I just finished a quick, initial read through of this book by Matthew Sadler. A couple of years ago he jumped back into chess after a 10 year break from professional chess, and had some phenomenal events. This book talks about some of the things he does. In this initial reading I mostly skimmed through the games. The 3 main things I took from the book are:
- Learning Openings - Kind of an Aagard lite (from Jacob's Excelling at Chess book)
- Different Modes of thinking - active , reactive, prophylactic
- Endgame Study
Matthew likes to do something for learning openings that is similar to part of what Aagard talks about for learning an opening. Matthew likes to get about 80 or so example games for his line, and then plays through them and marks the different ideas he finds. Aagard's approach involves first looking at the endgames that arise from that opening. Then playing through a bunch of games in the opening, and noting the different ideas down as you find them. Finally Jacob will look at the actual theory for the opening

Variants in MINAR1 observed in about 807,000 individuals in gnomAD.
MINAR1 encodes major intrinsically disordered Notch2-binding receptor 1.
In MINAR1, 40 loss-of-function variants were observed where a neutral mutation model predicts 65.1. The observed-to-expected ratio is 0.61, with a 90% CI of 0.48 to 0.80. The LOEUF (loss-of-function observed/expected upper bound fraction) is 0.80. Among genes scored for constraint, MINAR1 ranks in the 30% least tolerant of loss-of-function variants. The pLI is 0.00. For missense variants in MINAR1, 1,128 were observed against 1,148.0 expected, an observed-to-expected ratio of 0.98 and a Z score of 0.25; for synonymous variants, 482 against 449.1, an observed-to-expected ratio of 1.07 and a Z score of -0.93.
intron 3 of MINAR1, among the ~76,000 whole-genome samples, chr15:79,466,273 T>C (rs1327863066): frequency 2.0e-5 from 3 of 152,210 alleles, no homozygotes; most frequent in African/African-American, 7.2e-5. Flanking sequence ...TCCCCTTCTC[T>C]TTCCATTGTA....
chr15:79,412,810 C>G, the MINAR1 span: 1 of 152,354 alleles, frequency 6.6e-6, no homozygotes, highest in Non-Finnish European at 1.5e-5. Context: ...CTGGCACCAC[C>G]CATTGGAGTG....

In the section of different modes of thinking, Matthew talks about these 3 modes of thinking. Active is where you focusing on enforcing your plan on the game. Reactive mostly involves finding your move by comparison and process of elimination. Prophylactic thinking involves determining what your opponent wants and working to thwart that.
In the final section of the book Matthew discusses studying the endgame. He talks about studying theoretical positions from something like Averbakh, studying endgames from modern grandmaster play, and also studying classics (and annotating the ideas in them similar to what was done with the opening games).
Overall I think it is a worthwhile book, and I look forward to actually working through the games.